3. Focus has shifted. Focus today is on internal corporate practices. Today’s sustainability messaging appears far less focused on what the average consumer can do to aid the effort, and more about initiatives that companies are taking. While the running hypothesis is that consumers are more likely to choose brands that reflect their personal values, qualitative research findings over the past 10 years point to a gap between corporate sustainability practices and personal relevance of such initiatives to consumers’ day-to-day lives.

4. Brand communications have proliferated.

Browse the websites of major consumer brands, and one common element emerges – most feature a page or microsite dedicated to their beliefs and activities in the area of sustainability. Many have integrated it into their overall brand purpose, manifesto or corporate pillars, and a significant subset communicate their activity in this space directly to consumers via advertising, digital / social media, and on product packaging. While this communications push is raising the profile of such issues to consumers, the lack of consistency in types of measures being taken, and their sheer ubiquity, makes it difficult to determine who the leaders in corporate sustainability are within a given category.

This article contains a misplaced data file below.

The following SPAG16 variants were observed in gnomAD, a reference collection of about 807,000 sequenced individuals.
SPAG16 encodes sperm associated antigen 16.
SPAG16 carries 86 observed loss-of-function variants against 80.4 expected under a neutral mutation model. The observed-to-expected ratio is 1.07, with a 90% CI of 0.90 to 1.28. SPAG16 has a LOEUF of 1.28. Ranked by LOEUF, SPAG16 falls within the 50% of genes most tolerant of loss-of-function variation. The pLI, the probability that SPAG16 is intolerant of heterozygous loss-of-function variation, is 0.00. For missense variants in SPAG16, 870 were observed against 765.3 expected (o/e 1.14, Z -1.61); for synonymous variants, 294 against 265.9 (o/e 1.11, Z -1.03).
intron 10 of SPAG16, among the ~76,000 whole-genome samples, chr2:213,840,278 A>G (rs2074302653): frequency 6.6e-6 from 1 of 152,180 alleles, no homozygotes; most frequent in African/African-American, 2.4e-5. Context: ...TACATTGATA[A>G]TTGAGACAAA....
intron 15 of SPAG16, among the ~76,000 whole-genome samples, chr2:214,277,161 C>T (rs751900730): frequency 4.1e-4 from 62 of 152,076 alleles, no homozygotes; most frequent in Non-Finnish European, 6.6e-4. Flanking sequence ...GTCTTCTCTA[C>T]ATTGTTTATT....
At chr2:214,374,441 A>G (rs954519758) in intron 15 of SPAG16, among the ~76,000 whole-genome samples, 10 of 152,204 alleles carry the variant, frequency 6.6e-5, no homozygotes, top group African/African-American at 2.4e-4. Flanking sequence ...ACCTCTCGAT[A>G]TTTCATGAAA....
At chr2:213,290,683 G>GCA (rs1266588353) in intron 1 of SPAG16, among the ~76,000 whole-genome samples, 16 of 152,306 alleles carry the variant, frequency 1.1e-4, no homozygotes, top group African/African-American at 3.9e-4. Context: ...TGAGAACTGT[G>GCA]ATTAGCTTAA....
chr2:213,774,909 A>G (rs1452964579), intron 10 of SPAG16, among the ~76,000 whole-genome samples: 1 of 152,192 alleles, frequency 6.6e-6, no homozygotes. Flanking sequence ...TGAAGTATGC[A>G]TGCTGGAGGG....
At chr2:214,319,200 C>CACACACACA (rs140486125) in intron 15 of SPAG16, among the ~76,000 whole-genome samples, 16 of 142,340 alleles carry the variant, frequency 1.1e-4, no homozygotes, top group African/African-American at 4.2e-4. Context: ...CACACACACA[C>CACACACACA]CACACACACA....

Mind the Gap

Despite being shaky, incomplete, and somewhat antiquated, mainstream consumers’ understanding of sustainability isn’t completely off the mark. For many, it revolves around three interconnected issues:

• Reducing waste and introduction of harmful substances into the environment;

• Preservingtheplanet’snaturalresourcesand life forms; and

• Ensuring future generations have access to sufficient, clean and safe food, water, and air.

While these areas often represent a part of corporate sustainability and social responsibility manifestos, blue chip companies often place a much broader range of issues under the sustainability umbrella, from ethical manufacturing practices to diversity and inclusion efforts, zero carbon-imprint distribution to charitable giving, health and wellness promotion to local and organic food cultivation.

Arguably, millennials represent a cohort more interested and invested in these issues than any other segment. Research indicates a salient belief among millennials that previous generations have created an environmental and social equity deficit that they are unfairly left to contend with. However, bundling all of these issues into a catchall sustainability platform, may do a disservice to engaging them in a meaningful dialogue with relevance to their individual lives and purchase decisions.